Dutch banks less keen than European banks to grant loans to MKB owners

02/11/2011 15:00

For owners of small and medium-sized enterprises (MKB) in the Netherlands, it is on average more difficult to take out a bank loan than in the rest of Europe. Nearly a quarter of Dutch bank loan applications were turned down.

Nearly one quarter of applications turned down

Nearly one quarter of bank loan applications submitted by MKB owners were not granted in 2010. The turn-down rate is above the European average. The rate was only higher in Bulgaria, Ireland and Latvia. Few bank loan applications were denied in Finland, Malta, Cyprus and Poland.

Banks receive many applications

Unlike in most other European countries, Dutch MKB owners relatively often turn to banks for loans. In other European countries, it is common to call in other persons or institutions.

Bank loan applications granted to MKB owners, 2010

Bank loan applications granted to MKB owners, 2010

23 percent of bank loan applications turned down last year

The proportion of denied bank loan applications in the Netherlands has grown from 7 percent in 2007 to 23 percent in 2010. In 18 of the 20 European countries, the percentage of denied bank loan applications has risen between 2007 and 2010. The most substantial increases were recorded in Bulgaria, Ireland, Latvia and Lithuania. After these four countries, the Netherlands occupies fifth place. Finland accounted for the smallest change followed by Germany and Belgium.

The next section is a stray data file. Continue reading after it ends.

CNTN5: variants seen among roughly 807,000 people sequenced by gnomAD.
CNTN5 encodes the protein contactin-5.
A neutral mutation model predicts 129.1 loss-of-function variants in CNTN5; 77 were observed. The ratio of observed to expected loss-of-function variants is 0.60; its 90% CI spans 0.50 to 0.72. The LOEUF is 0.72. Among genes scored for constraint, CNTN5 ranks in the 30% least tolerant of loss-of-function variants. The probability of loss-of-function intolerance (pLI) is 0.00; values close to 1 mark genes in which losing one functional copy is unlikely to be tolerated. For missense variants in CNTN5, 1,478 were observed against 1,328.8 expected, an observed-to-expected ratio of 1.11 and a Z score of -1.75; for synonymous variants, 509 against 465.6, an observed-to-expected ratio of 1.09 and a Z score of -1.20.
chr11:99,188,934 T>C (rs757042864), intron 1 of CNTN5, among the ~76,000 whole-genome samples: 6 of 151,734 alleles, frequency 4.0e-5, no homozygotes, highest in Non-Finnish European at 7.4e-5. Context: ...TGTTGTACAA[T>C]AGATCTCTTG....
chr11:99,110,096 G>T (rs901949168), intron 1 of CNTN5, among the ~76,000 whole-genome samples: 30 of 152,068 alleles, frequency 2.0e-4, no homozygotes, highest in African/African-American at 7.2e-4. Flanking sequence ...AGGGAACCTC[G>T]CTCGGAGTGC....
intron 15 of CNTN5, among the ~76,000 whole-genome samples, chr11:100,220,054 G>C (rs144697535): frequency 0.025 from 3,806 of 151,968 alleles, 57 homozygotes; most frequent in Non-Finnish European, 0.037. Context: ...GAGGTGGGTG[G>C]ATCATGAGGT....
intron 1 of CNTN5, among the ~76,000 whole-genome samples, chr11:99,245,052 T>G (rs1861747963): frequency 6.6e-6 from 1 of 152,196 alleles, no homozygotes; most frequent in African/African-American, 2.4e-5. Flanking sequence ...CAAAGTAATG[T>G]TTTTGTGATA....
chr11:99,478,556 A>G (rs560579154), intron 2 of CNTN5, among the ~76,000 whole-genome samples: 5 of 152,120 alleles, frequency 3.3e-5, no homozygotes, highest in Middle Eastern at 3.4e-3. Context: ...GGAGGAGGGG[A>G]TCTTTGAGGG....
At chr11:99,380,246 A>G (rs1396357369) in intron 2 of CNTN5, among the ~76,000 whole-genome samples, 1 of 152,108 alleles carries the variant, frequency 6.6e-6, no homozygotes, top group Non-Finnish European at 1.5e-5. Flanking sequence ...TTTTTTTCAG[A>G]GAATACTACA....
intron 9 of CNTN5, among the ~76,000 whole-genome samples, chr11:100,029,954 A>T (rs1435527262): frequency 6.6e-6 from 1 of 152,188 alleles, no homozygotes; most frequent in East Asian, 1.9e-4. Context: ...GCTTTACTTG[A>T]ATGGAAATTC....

Proportion of bank loan applications denied to MKB owners MKB owners, 2007-2010

Proportion of bank loan applications denied to MKB owners MKB owners, 2007-2010

Reasons for denial

The main reason for European banks to turn down applications were ‘low solvency level’, ‘lack of personal capital’ and ‘not enough security to pledge against the loan’. These were also the most important reasons in the Netherlands to turn down MKB loan applications. European entrepreneurs themselves thought the high interest rates were the main reason for not granting loans.

Maartje Kessels